As a third-party logistics provider (3PL), Crowley offers supply chain management and transportation management services including: freight forwarding, ocean, inland, and air transportation, customs house brokerage, cargo insurance and warehousing and distribution. The company's U.S. Trucking and Distribution Center serves as the heart of its logistics framework, enabling clients to combine and tailor services as needed, and tap into the company's materials and shipment tracking technology. In 2008, Crowley acquired Miami-based Customized Brokers, a customs clearance company specializing in refrigerated cargoes arriving by air and sea, to further build its customs brokerage business.
Crowley has long-term relationships with many of the world's energy companies, providing them with creative solutions to their most difficult exploration and production challenges. The company provides upstream logistics, shorebase services, ocean towing and transportation, marine engineering, offshore construction support, Alaska Energy support services, specialized cargo transport, remote crude storage and Environmental, Safety and Quality Assurance.
Crowley has also developed a unique system for transporting cargos and personnel to remote road less areas, across Alaska's fragile arctic tundra, using specialized all-terrain vehicles called CATCOs that essentially float across the fragil tundra with low-pressure air bags. These tires help distribute the weight over a large area thus minimizing terrain impact. Crowley operation areas extend from Prudhoe Bay, Alaska to the Gulf of Mexico to Sakhalin Island in the Russia Far East.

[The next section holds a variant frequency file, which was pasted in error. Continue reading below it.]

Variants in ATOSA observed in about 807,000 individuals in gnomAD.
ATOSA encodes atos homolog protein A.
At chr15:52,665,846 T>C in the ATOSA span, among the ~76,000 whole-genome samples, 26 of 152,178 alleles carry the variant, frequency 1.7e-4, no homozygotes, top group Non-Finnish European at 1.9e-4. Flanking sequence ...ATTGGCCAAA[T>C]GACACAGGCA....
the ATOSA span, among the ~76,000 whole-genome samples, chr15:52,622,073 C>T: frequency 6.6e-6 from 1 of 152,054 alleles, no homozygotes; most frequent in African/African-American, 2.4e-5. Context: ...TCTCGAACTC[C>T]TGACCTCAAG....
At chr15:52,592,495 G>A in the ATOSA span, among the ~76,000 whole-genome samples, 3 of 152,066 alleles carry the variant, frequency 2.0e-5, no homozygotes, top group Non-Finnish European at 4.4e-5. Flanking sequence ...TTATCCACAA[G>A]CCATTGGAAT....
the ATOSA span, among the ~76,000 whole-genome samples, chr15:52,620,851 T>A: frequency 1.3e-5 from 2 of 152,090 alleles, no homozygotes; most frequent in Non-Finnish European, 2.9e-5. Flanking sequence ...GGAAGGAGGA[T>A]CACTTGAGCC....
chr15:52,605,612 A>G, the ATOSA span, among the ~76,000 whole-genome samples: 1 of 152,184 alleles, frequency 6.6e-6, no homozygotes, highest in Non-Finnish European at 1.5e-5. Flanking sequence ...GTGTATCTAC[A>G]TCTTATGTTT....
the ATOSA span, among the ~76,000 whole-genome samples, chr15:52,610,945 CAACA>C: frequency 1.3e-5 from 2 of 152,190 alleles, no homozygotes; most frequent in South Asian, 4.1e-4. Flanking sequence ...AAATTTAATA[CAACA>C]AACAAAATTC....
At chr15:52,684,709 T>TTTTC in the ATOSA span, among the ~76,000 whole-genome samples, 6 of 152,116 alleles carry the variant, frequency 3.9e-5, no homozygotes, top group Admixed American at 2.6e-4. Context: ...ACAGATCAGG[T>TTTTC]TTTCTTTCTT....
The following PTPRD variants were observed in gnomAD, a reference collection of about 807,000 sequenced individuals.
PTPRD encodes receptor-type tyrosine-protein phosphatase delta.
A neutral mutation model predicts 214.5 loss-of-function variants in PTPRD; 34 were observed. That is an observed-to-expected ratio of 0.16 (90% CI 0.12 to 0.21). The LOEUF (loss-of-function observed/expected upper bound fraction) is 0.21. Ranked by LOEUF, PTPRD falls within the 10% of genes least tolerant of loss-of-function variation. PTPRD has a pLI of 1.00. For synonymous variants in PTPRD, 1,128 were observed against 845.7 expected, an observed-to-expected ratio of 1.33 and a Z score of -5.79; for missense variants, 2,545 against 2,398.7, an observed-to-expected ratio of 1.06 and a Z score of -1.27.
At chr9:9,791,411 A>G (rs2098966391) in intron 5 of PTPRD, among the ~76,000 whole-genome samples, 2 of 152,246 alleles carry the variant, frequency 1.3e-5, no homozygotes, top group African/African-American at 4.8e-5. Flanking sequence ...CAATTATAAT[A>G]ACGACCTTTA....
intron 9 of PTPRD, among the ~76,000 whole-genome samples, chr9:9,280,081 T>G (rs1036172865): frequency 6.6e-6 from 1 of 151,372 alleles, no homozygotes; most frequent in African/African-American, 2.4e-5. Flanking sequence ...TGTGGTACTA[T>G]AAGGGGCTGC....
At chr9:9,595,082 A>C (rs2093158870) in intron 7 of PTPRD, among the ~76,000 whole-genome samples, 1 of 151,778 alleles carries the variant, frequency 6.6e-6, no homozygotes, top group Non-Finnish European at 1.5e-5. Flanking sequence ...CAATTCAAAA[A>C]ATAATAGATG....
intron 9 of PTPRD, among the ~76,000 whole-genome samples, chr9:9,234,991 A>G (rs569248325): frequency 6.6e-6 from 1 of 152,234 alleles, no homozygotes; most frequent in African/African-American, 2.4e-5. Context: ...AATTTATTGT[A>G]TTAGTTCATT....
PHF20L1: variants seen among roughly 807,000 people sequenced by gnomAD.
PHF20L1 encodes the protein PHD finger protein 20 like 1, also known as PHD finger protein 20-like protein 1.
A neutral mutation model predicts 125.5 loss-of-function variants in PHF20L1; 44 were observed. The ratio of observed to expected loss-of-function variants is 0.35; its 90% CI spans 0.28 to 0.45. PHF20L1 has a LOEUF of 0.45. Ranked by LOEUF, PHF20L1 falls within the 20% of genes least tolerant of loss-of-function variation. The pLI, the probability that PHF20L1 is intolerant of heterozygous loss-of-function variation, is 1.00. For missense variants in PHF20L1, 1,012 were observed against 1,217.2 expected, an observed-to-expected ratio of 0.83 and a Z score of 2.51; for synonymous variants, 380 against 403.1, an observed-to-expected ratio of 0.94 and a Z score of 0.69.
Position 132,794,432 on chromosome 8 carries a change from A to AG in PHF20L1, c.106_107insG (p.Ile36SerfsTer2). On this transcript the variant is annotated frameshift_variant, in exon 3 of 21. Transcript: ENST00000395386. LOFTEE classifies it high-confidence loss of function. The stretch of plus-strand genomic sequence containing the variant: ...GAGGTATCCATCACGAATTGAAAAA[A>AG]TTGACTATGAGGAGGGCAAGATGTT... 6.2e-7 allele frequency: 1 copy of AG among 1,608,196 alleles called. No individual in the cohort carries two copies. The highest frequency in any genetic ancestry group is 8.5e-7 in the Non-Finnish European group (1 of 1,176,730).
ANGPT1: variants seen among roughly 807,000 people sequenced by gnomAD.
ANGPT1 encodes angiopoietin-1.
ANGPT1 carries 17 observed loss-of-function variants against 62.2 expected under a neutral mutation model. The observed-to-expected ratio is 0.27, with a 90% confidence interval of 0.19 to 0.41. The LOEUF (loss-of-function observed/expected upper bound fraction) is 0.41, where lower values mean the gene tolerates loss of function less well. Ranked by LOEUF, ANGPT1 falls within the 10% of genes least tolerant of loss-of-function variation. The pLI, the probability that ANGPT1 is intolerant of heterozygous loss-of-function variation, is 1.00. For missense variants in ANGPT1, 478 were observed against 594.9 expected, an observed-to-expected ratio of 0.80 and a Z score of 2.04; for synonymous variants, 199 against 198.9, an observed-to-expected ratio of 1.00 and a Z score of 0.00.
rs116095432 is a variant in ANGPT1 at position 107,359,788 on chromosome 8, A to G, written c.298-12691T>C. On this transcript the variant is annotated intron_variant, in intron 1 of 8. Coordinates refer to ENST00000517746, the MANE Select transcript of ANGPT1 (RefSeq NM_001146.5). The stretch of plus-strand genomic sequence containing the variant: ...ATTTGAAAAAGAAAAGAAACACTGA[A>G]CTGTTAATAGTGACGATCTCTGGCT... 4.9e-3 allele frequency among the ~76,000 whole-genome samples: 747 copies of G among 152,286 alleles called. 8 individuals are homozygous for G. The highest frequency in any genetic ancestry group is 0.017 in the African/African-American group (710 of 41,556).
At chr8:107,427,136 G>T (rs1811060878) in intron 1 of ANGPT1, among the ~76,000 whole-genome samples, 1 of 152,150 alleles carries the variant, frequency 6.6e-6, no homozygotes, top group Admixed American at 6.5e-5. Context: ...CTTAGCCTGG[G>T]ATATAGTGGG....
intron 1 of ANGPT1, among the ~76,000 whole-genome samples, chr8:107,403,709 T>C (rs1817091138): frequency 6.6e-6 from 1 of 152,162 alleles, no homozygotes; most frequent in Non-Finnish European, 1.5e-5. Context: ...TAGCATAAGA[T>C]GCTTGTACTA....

Crowley's project management group manages logistics for complex construction, engineering and infrastructure projects. Capabilities include project management, project logistics, subcontractor vetting, selection and management, web-enabled material tracking, comprehensive marine transportation for single pallet up to a 6,000-ton module, and beach/job site landing design. The group also provides heavy lift discharge and delivery, inland transportation and logistics, air freight services, industry leading health, safety and environmental programs, and global site logistics.
Crowley provides ocean towing, transportation and logistics services for general cargo movements, offshore production components, including jackets and modules, ship tows and other projects requiring heavy lift or specialized marine transportation services.
Crowley is one of the largest independent operators of petroleum barges and tankers in the U.S. The company provides chemical parcel transportation and bulk petroleum transportation throughout the North American coasts, Alaska, Hawaii, Puerto Rico and to a lesser degree internationally. Crowley's tank vessels include ships, articulated tug and barge units (ATBs), and conventional tug and barges. Ships and articulated barges range in size from 20,000 deadweight tonnage (DWT) to 50,000 DWT, while Crowleys U.S. West Coast coastal tank barges and Alaska line haul fleet range from 5,500 DWT to 16,200 DWT. All Crowley tank vessels operate under ISM / ISO 9002 standards.